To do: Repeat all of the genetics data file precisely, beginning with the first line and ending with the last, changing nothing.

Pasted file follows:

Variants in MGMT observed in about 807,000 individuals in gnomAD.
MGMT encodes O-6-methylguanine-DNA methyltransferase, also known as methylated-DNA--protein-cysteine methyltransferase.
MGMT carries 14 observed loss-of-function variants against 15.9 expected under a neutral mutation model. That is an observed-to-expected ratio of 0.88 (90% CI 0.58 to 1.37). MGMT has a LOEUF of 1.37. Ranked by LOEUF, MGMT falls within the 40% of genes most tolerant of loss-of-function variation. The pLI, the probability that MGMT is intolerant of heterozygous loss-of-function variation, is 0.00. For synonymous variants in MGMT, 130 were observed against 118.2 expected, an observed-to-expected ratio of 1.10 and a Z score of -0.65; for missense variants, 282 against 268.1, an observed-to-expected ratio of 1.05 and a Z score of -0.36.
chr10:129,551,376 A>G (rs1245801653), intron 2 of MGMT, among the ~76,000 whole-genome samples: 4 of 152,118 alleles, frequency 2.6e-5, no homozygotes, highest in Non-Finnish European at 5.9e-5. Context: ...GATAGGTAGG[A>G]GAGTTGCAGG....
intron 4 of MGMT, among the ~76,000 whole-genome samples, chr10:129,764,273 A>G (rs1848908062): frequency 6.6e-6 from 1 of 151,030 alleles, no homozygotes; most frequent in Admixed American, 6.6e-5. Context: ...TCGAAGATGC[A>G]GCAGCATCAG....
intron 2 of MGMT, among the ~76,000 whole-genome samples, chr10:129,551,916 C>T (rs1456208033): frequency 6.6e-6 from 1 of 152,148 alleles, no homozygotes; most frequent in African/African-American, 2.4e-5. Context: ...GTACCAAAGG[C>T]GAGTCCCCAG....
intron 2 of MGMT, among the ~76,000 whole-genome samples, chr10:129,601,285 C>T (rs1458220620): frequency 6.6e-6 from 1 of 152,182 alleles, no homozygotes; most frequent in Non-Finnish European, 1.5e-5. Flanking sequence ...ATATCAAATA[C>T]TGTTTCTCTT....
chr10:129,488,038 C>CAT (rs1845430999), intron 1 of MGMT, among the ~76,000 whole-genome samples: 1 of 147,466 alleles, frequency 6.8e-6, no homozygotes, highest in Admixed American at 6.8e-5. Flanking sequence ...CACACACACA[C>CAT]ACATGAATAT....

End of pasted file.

Variants in MGMT observed in about 807,000 individuals in gnomAD.
MGMT encodes O-6-methylguanine-DNA methyltransferase, also known as methylated-DNA--protein-cysteine methyltransferase.
MGMT carries 14 observed loss-of-function variants against 15.9 expected under a neutral mutation model. That is an observed-to-expected ratio of 0.88 (90% CI 0.58 to 1.37). MGMT has a LOEUF of 1.37. Ranked by LOEUF, MGMT falls within the 40% of genes most tolerant of loss-of-function variation. The pLI, the probability that MGMT is intolerant of heterozygous loss-of-function variation, is 0.00. For synonymous variants in MGMT, 130 were observed against 118.2 expected, an observed-to-expected ratio of 1.10 and a Z score of -0.65; for missense variants, 282 against 268.1, an observed-to-expected ratio of 1.05 and a Z score of -0.36.
chr10:129,551,376 A>G (rs1245801653), intron 2 of MGMT, among the ~76,000 whole-genome samples: 4 of 152,118 alleles, frequency 2.6e-5, no homozygotes, highest in Non-Finnish European at 5.9e-5. Context: ...GATAGGTAGG[A>G]GAGTTGCAGG....
intron 4 of MGMT, among the ~76,000 whole-genome samples, chr10:129,764,273 A>G (rs1848908062): frequency 6.6e-6 from 1 of 151,030 alleles, no homozygotes; most frequent in Admixed American, 6.6e-5. Context: ...TCGAAGATGC[A>G]GCAGCATCAG....
intron 2 of MGMT, among the ~76,000 whole-genome samples, chr10:129,551,916 C>T (rs1456208033): frequency 6.6e-6 from 1 of 152,148 alleles, no homozygotes; most frequent in African/African-American, 2.4e-5. Context: ...GTACCAAAGG[C>T]GAGTCCCCAG....
intron 2 of MGMT, among the ~76,000 whole-genome samples, chr10:129,601,285 C>T (rs1458220620): frequency 6.6e-6 from 1 of 152,182 alleles, no homozygotes; most frequent in Non-Finnish European, 1.5e-5. Flanking sequence ...ATATCAAATA[C>T]TGTTTCTCTT....
chr10:129,488,038 C>CAT (rs1845430999), intron 1 of MGMT, among the ~76,000 whole-genome samples: 1 of 147,466 alleles, frequency 6.8e-6, no homozygotes, highest in Admixed American at 6.8e-5. Flanking sequence ...CACACACACA[C>CAT]ACATGAATAT....